Despite all evidence pointing towards a glaringly obvious drug problem, Australian politicians have yet to address it in this year’s federal election campaign, John Coyne writes.
Let’s be clear: Australia is currently staring down a number of drug crises that are already directly negatively impacting communities from country towns to capital cities.
While the use of methamphetamine and synthetic opioid continues at alarming rates, demand reduction and harm minimisation measures are failing. Despite this, in the lead up to the federal election, neither of Australia’s major political parties have offered a policy position on what they’ll do about it.
When it comes to methamphetamine, or ‘ice’, it’s easy to assume that 2015 was a watershed moment for Australia. In April of that year, then Prime Minister Tony Abbott, publicly admitted Australia had a problem with ice. In response, he created the National Ice Taskforce to examine the extent of the problem. Eight months later, the taskforce handed down its findings to Abbott’s successor, Malcolm Turnbull, who then released the National Ice Action Strategy.
While media reports of ice-induced psychosis attacks on streets and in hospitals have reduced, the problem itself has not. As I have written in the past, our National Waste Water Monitoring Program revealed that the strategy has failed: by the end of 2018, Australia’s volume of ice use had increased by 17 per cent. The ice epidemic prevails and continues to destroy the lives of addicts, their families, and the wider community.
While many, including myself, had thought that Australia might avoid the scourge of a synthetic opioid epidemic, we were all wrong. In 2016, deaths caused by drug overdose in Australia – mostly a result of opioid abuse – had reached a record high of 1,704. During the US opioid crisis, more than 40,000 Americans died each year from overdose.
And again, Australia’s Waste Water Monitoring Program has shown that its use of synthetic opioids, like fentanyl, is at a two-year high by volume. Initial information from this study seems to indicate that much of this use might be related to increasing access to prescription painkillers. Interestingly this drug problem is likely to be impacting middle-aged Australians addicted to prescription drugs rather than the young.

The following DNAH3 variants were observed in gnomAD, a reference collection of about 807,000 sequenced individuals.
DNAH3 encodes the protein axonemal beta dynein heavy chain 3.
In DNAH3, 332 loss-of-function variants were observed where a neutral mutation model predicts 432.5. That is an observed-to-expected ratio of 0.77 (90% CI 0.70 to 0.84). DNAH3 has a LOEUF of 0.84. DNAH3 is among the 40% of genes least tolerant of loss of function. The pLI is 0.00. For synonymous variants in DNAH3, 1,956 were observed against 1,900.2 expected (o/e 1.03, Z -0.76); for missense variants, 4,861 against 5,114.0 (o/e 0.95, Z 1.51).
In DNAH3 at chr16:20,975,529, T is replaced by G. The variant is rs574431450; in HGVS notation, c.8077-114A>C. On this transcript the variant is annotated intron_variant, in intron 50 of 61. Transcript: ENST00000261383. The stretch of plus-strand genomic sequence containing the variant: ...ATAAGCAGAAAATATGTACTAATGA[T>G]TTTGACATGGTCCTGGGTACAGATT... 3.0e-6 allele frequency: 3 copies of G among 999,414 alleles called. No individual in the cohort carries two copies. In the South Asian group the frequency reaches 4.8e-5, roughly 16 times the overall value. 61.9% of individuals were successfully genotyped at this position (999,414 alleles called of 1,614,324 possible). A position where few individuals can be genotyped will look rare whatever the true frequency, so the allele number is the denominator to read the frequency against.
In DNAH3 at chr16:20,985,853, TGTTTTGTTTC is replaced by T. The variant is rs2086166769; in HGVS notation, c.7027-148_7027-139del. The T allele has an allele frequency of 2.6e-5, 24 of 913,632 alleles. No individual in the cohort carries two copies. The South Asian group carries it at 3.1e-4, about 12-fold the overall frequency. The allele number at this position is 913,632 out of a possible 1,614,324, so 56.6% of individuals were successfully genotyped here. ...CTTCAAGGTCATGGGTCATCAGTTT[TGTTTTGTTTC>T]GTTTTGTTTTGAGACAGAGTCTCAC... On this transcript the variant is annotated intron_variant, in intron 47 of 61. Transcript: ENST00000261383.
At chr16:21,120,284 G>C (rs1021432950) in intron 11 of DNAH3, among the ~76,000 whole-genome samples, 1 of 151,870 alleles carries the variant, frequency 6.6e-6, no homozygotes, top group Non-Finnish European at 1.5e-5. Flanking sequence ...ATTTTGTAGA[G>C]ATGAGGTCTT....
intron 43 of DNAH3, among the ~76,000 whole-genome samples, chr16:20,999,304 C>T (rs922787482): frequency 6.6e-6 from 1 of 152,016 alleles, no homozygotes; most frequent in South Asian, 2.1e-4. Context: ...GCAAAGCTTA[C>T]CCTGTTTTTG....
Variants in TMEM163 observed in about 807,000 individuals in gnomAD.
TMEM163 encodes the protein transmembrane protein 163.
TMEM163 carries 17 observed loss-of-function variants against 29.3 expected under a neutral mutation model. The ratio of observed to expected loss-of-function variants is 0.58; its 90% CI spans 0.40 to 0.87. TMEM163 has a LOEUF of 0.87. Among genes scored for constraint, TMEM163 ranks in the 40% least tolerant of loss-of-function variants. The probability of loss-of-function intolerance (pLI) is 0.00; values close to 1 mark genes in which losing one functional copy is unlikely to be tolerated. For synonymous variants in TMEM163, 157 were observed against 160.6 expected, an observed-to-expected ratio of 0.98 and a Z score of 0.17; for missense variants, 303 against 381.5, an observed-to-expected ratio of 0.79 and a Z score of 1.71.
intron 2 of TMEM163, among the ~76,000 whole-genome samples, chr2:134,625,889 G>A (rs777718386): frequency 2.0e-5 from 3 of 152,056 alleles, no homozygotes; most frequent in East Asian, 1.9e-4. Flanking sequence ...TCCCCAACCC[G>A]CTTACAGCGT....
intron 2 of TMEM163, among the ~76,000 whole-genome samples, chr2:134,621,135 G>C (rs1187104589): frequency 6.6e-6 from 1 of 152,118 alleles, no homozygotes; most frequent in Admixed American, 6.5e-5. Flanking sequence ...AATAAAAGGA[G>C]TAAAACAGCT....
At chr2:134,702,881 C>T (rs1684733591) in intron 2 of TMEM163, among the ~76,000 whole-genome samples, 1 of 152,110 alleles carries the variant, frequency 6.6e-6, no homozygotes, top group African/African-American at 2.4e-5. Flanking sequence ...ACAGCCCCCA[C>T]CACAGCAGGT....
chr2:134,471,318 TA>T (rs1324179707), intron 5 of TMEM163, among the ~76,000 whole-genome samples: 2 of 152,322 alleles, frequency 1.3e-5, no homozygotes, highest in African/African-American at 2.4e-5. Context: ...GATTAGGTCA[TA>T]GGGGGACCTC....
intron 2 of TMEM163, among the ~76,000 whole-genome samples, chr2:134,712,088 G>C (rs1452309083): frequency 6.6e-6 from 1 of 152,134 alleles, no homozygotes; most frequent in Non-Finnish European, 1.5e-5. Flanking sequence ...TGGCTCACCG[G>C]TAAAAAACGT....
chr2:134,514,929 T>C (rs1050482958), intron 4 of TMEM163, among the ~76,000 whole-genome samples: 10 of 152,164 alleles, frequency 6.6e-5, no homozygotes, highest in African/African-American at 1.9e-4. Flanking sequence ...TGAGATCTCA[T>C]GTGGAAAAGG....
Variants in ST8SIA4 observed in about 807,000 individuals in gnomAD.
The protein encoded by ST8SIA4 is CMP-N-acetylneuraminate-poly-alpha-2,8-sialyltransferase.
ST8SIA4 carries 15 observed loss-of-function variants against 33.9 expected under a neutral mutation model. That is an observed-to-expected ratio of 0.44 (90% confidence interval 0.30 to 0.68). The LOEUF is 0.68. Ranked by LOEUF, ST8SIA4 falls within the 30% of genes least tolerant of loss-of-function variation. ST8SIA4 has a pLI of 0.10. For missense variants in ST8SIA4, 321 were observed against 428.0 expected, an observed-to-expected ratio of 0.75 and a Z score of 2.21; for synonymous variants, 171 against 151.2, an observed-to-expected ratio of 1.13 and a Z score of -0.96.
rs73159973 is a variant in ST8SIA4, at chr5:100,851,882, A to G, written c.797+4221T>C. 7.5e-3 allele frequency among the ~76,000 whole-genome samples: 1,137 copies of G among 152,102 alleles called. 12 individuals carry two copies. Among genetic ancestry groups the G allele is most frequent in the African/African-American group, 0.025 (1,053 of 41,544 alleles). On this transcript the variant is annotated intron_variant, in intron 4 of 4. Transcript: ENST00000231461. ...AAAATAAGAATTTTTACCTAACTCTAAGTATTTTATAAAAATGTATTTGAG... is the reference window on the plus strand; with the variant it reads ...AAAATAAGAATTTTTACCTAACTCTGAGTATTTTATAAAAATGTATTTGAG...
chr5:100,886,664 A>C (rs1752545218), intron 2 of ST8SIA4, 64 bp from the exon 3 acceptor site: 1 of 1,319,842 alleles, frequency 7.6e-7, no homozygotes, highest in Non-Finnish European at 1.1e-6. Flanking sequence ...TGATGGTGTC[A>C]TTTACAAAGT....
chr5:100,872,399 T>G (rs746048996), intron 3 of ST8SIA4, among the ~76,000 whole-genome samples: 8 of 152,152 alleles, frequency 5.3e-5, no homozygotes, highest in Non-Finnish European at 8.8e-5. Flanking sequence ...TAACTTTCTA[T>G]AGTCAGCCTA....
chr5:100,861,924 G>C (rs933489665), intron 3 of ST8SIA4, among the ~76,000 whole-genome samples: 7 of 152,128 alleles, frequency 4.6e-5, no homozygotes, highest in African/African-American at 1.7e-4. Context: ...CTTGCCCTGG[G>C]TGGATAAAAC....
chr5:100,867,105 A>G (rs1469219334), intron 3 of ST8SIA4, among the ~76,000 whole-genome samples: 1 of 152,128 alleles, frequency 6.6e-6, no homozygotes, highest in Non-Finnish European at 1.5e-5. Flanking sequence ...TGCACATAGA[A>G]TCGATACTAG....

On the plus side, the National Drug Strategy’s focus on demand-and-supply reduction and harm minimisation remains best practice.
Unfortunately, our national demand reduction and harm minimisation efforts are failing to achieve results. Young Australians are continuing to experiment and use a range of illicit substances at an alarming rate.
Some might be quick to argue that the deaths of a half a dozen young Australians from overdosing at music festivals hardly makes a national crisis. But such thinking fails to engage with the extent of and the wide ranging impacts of Australians’ unquenchable thirst for illicit drugs.
In 1984, then Prime Minister Bob Hawke cried on Australian television as he revealed that his daughter was a heroin addict. We would also do well to learn from the experiences of former New South Wales Premier Neville Wran’s daughter Harriet Wran’s addiction to ice. Drug addiction crosses all genders, ages, and cultural and economic demographics.
Australia’s law enforcement officers are fighting a losing battle against supply and non-government organisations are swamped with rehabilitation demands. Families are being torn apart as they struggle to access effective rehabilitation for their loved ones. And while they search for assistance, they’re fighting daily to keep their addicted loved ones alive.
With the impending federal election, there is an opportunity for Australia to hit the reset button on its National Drug Strategy. Through strong leadership, either or both parties could start treating addiction as a serious health issue, and this need not detract from supply reduction efforts.
A good start for such a policy would be to commit to reviewing the strategy, to funding drug rehabilitation services, and, in principle, to exploring new harm minimisation efforts.
The central argument for such a change would be simple. Addiction, which leads to petty crime and much lost potential, proves costly to the community in both direct and indirect ways. But also, just simply, Australia has a major problem with illicit drug use.